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so it is important to try sincerely to understand it. In this introductory chapter, we will try to develop some understanding of religion in a generic sense—why it exists, its various patterns and modes of interpretation, its encounters with modern science, its inclusion or exclusion of women, and its potentially nega- tive aspects—before trying in the subsequent chapters to understand the major traditions known as “religions” practiced around the world today.

Why are there religions? What major theories have evolved to explain the existence of religion? In many cultures and times, religion has been the basic foundation of life, per- meating all aspects of human existence. In fact, in some cultures what we may now identify as “religion” has so permeated everything that it was not even identified as a particular category of human experience. But from the time of the European Enlightenment, religion has become in the West an object to be studied, rather than a basic fact of life. Cultural anthropologists, sociologists, philosophers, psychologists, and even biologists and neuroscientists have peered at religion through their own particular lenses, trying to explain what religion is, its function and purpose, and developing a wide range of methods for study- ing religion. In the following pages we will briefly examine some of the major theories that have evolved. They are not mutually exclusive.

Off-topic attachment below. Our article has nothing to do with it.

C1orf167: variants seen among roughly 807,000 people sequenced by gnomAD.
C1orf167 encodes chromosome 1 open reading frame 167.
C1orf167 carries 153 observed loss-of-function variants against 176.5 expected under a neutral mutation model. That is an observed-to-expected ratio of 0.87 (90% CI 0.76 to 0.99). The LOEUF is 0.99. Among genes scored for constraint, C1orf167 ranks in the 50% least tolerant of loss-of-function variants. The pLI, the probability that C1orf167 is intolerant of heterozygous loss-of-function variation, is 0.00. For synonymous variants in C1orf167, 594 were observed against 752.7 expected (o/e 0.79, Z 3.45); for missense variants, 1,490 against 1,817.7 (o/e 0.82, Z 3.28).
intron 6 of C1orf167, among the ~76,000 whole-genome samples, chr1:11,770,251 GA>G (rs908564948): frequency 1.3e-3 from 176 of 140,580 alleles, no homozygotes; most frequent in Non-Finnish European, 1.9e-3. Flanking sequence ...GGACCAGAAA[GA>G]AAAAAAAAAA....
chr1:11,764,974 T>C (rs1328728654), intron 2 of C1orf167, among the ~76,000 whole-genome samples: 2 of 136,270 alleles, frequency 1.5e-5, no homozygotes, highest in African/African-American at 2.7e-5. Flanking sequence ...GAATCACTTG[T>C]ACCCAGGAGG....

Materialist perspective: humans invented religion

During the nineteenth and twentieth centuries, scientific materialism gained considerable prominence as a theory to explain the fact that religion can be found in some form in every culture around the world. The materialistic point of view is that the supernatural is invented by humans; only the material world exists.

An influential example of this perspective can be found in the work of the nineteenth-century philosopher Ludwig Feuerbach (1804–1872). He reasoned that deities are simply projections, objectifications of human qualities such as power, wisdom, and love onto an imagined cosmic deity outside ourselves. Then we worship it as Supreme and do not recognize that those same qualities lie within ourselves; instead, we see ourselves as weak and sinful. Feuerbach developed this theory with particular reference to Christianity as he had seen it.